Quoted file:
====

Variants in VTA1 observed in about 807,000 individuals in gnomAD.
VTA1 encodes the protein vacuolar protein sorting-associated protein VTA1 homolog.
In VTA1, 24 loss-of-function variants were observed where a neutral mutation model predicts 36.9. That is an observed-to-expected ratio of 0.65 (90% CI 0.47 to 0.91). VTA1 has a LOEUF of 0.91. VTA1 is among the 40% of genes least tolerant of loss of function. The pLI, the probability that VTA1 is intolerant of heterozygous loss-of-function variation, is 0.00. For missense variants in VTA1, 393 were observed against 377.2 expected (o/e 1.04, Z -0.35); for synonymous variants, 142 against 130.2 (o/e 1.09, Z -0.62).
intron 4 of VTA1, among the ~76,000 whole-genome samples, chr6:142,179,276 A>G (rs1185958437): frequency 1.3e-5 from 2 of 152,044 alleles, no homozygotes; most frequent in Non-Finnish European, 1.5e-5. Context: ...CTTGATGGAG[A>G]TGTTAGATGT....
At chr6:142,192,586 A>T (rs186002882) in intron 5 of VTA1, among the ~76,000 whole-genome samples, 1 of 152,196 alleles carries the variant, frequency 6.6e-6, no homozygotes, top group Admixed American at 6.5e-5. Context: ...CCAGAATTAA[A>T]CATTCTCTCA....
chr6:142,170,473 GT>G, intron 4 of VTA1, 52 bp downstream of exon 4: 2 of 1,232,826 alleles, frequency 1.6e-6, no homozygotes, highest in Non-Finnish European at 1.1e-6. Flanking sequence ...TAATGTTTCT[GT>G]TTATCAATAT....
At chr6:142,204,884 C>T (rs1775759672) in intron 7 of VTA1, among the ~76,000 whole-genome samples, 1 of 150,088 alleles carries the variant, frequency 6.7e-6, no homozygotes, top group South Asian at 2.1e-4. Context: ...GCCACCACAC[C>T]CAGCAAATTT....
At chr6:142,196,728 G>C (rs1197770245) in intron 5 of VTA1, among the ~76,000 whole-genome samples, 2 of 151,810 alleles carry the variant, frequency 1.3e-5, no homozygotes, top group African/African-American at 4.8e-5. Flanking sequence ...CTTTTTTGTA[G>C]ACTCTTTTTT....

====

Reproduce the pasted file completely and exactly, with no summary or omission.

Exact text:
Variants in VTA1 observed in about 807,000 individuals in gnomAD.
VTA1 encodes the protein vacuolar protein sorting-associated protein VTA1 homolog.
In VTA1, 24 loss-of-function variants were observed where a neutral mutation model predicts 36.9. That is an observed-to-expected ratio of 0.65 (90% CI 0.47 to 0.91). VTA1 has a LOEUF of 0.91. VTA1 is among the 40% of genes least tolerant of loss of function. The pLI, the probability that VTA1 is intolerant of heterozygous loss-of-function variation, is 0.00. For missense variants in VTA1, 393 were observed against 377.2 expected (o/e 1.04, Z -0.35); for synonymous variants, 142 against 130.2 (o/e 1.09, Z -0.62).
intron 4 of VTA1, among the ~76,000 whole-genome samples, chr6:142,179,276 A>G (rs1185958437): frequency 1.3e-5 from 2 of 152,044 alleles, no homozygotes; most frequent in Non-Finnish European, 1.5e-5. Context: ...CTTGATGGAG[A>G]TGTTAGATGT....
At chr6:142,192,586 A>T (rs186002882) in intron 5 of VTA1, among the ~76,000 whole-genome samples, 1 of 152,196 alleles carries the variant, frequency 6.6e-6, no homozygotes, top group Admixed American at 6.5e-5. Context: ...CCAGAATTAA[A>T]CATTCTCTCA....
chr6:142,170,473 GT>G, intron 4 of VTA1, 52 bp downstream of exon 4: 2 of 1,232,826 alleles, frequency 1.6e-6, no homozygotes, highest in Non-Finnish European at 1.1e-6. Flanking sequence ...TAATGTTTCT[GT>G]TTATCAATAT....
At chr6:142,204,884 C>T (rs1775759672) in intron 7 of VTA1, among the ~76,000 whole-genome samples, 1 of 150,088 alleles carries the variant, frequency 6.7e-6, no homozygotes, top group South Asian at 2.1e-4. Context: ...GCCACCACAC[C>T]CAGCAAATTT....
At chr6:142,196,728 G>C (rs1197770245) in intron 5 of VTA1, among the ~76,000 whole-genome samples, 2 of 151,810 alleles carry the variant, frequency 1.3e-5, no homozygotes, top group African/African-American at 4.8e-5. Flanking sequence ...CTTTTTTGTA[G>C]ACTCTTTTTT....